• IntLibber: Make a shortcut to the SL viewer and edit the “Target” box so it looks like this: C:\Program Files\SecondLifeViewer2\SecondLife.exe” –set InstallLanguage en -loginuri (IP Address goes here):9000

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  25. Wow, just WOW- but no way can I run an exe. or .bat file on my college network 😦

    What we really need is a way to access via a web page. A great shame Katherine’s work was discontinued.

  26. And that folks, is why he is called “Pathfinder” : )
    Thanks Path. Great blog! See you in Finland.
    Tab Scott in SL / Terry Beaubois in RL

  27. John,

    thank you for an excellent and inspiring post.

    At some point, you might find it worthwhile to ponder what the modular extensibility and the possibilites to write ‘world applications’ in the form of region and application modules means for the educational space. The last big project I did with Tribal Media was a virtual conference and presentation system for the Swedish board of Schools that gave a ‘host presenter’ a remote control to control all avatars, chat and voice capabilities in a region – being able to switch the region form ‘free socializing’ mode, in an instant into ‘auditorium’ mode where the presenter could direct which avatars could broadcast their speech (bringing them up to the scene) then into ‘conference’ mode where avatars would be directed into sub-groups for topic discussions. This customization was all done within a reasonable budget, and could not have happened had OpenSim not been built for it from the ground up.

  28. Pingback: An interesting blog to read « Immersive 3D Environments

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  32. A couple of quick answers:

    Yes, OpenSim supports persistence across sessions. That bug — where all the settings would revert at shutdown — has been fixed for over a year now, I believe (though older versions of OpenSim might still be floating around, of course).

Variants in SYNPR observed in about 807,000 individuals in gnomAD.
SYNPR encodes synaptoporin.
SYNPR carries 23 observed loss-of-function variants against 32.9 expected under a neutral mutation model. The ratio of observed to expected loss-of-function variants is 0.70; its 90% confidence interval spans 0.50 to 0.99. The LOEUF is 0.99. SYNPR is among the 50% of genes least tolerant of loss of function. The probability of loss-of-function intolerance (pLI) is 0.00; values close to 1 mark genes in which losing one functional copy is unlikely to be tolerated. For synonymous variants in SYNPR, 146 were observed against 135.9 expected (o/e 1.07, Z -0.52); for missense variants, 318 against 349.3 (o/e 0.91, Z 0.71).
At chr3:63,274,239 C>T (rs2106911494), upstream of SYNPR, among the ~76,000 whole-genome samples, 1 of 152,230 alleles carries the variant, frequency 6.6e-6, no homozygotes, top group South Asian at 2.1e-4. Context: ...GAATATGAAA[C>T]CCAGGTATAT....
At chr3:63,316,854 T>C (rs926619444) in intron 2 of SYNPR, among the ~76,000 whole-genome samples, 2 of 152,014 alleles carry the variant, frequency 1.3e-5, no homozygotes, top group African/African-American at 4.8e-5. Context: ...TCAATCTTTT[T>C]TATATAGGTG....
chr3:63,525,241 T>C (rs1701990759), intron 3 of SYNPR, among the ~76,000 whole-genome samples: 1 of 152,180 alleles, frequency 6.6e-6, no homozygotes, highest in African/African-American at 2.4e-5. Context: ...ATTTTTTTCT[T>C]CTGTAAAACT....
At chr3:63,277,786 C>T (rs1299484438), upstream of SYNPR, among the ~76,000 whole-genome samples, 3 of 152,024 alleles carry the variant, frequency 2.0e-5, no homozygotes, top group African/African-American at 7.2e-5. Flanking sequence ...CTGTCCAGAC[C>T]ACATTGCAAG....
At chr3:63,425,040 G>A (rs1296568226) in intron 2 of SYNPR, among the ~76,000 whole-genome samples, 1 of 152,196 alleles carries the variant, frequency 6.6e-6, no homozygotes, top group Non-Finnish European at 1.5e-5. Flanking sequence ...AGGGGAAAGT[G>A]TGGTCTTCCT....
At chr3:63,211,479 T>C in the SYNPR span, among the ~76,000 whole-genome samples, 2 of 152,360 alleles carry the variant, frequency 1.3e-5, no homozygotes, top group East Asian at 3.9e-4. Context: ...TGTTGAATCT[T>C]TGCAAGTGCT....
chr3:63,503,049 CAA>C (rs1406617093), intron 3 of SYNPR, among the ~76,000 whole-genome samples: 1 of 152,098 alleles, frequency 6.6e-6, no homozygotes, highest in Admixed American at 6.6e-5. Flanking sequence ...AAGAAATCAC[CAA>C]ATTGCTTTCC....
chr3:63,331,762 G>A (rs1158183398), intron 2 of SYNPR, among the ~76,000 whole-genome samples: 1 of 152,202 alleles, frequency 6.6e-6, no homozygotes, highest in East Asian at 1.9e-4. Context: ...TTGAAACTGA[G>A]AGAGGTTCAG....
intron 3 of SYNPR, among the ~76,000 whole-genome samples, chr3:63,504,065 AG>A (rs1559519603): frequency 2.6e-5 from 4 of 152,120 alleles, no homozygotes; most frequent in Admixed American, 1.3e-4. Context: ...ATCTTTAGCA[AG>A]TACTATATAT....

Yes, you can teleport from your OpenSim-on-a-stick to other grids, if your OpenSim is hypergrid-enabled (if you’re running the Diva Distro then you’re all set — the hypergrid is on by default) AND if you have the right ports opened in your firewall. If your computer connects directly to the Internet (via cable or DSL modem, say) then you’re all set. But if you’ve got multiple computers in your house and are using a router for a home network, or you’re at home or in a cafe, then you’ve got problems — you will have to configure that router to send OpenSim visitors to your computer if they come in from the outside (or if you want to head out yourself). You will need access to your router’s configuration panel, a way to set up permanent local IP addresses, and a way to forward ports. It took me a week of trial and error the first time I tried doing this, and every router is different.

    Moving content from SL to OpenSim when you have the legal rights but not creator rights is tricky — it may be a TOS violations — but several vendors offer it as a service, starting at $80 a region:


    — Maria

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  34. I remember a while back, talking to a friend on SL. We were trying to figure out what kind of future there might be for SL/OS virtual worlds.

    Our conclusion was that just as every computer now comes with a web server and file sharing, there’ll soon be a virtual world server just sitting there waiting for you to run it. And you’ll use some kind of authentication protocol to dive into your friend’s computer as an avatar, wander around a while, get what you came for, and then wander out.

    I wonder how accurate that prediction will turn out to be.

  35. Pingback: Hypergrid Adventurers Club meet #5: Exploring collaborative art and history education on ReactionGrid | Be Cunning and Full of Tricks

  36. please can you tell me how to move-copy my world to an other computer?
    i do not want to create a usb (live) version. just to copy it to my new computer.
    old computer: mysql (32bit) + diva +imprudence
    new computer: i want to use mysql 64bit (windows 64bit)

  37. Just managed to configure a megaregion consisting of 144 regions to import a very large map of The Maltese Islands. Still this is just experimental as I will be trying to increase the scale to a little less than real life! It runs off a usb stick without any problems (terrain only, was impressed) but moving the contents to a folder on the hardisk drastically improves the performance (access speed issue). I suspect that performance will go down once I start to build stuff and run a few scripts here and there.